OR WAIT null SECS
If you are a psychiatrist who tends to look on the bright side, you may find the results of a new physician survey to be relatively good. Psychiatrists report the lowest level of professional burnout and the lowest level of burnout severity across various specialties. But just how good is relatively good?
If you want more numbers to confirm that many of your physician peers are experiencing symptoms of professional burnout, you can find new data in a recently posted Medscape survey.
That survey shows that roughly 1 in 4 doctors across various specialties are dealing with at least 1 symptom of burnout-a loss of enthusiasm for work, a sense of cynicism, and/or feelings of inadequate personal accomplishment (Table). Rates of burnout and its level of severity vary across clinical specialties.
If you are a psychiatrist who tends to look on the bright side, the news from this new survey is relatively good. Psychiatrists report the lowest level of professional burnout (33% of those surveyed) and the lowest level of burnout severity (about 3.5 on scale of 1 to 7, with 7 being the most severe). Possible factors? Relative control over schedules and fewer dealings with third-party payers are two factors.
But how is a 33% burnout rate relatively good news? The survey shows that doctors in primary care and emergency and critical care are faring far worse than psychiatrists. Burnout levels are running as high as 55% among emergency doctors and as “low” as 42% among internists. OB/GYNs report the highest level of burnout severity (about 4.3 on the severity scale). Other groups suffering from severe burnout are pathologists, critical care and primary care doctors, and general surgeons-the average is about 3.8.
The top causes of burnout? In descending order, just a few of the chief causes:
. Too much bureaucracy
. Too many working hours
. The present and future impact of the Affordable Care Act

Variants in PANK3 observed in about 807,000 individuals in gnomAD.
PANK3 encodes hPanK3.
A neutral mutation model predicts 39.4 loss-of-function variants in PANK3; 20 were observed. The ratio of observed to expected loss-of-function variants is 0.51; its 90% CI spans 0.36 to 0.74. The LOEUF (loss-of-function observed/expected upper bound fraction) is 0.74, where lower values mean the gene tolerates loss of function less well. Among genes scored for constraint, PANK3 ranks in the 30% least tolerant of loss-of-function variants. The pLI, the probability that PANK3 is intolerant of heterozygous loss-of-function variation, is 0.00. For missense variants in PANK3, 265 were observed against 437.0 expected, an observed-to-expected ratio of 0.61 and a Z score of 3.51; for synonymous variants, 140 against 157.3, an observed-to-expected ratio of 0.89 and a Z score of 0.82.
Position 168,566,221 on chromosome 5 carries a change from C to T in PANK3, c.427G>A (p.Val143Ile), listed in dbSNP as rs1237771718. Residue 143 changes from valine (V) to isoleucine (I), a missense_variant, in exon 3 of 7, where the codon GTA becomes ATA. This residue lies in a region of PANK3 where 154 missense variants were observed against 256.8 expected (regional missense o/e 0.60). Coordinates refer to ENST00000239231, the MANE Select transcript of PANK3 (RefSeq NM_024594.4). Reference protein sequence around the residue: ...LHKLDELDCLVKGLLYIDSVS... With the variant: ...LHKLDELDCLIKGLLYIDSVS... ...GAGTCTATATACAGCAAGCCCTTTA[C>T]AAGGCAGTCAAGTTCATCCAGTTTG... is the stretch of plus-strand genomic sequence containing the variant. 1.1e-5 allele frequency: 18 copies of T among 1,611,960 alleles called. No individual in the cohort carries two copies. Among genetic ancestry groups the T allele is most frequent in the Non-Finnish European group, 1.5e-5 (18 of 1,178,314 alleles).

. Income not high enough
. Inability to provide quality patient care
. Increasing computerization of practice
. Compassion fatigue
Other survey highlights:
. More female than male physicians report burnout (45% vs 37%, respectively).
. Those in their midlife years (46-55) report higher rates of burnout.
. Burnout appears to take a toll on physicians’ health.
. Nearly a third of burned out doctors believe they have minimal savings for their age and professional stage versus 21% of their non-burned out peers.
One more survey tidbit:
. When it comes to vacations, Americans lag far behind. We get an average of 13 paid vacation days a year. This compares with 42 days for Italians, 37 for Germans, 28 for Britons, 26 for Canadians, and 25 for Japanese. Nearly 40% of burned-out physicians take 2 weeks or less of vacation.
The Medscape survey comes on the heels of a 2012 national survey of burnout and satisfaction with work-life balance among American doctors. In their survey of 27,267 physicians, Shanafelt and colleagues1 found that 45.8% were experiencing least 1 symptom of burnout. As with the Medscape survey, rates varied by specialty: those on the front lines of care were most stressed. Burnout rates among non-physicians were lower.
How to reduce stress and avoid burnout? Perhaps the strategies and tips offered in these articles may be helpful.
Balancing Your Professional and Personal Life (Webcast)
Reference1. Shanafelt TD, Boone S, Tan L, et al. Burnout and satisfaction with work-life balance among US physicians relative to the general US population. Arch Intern Med.2012;172:1377-1385.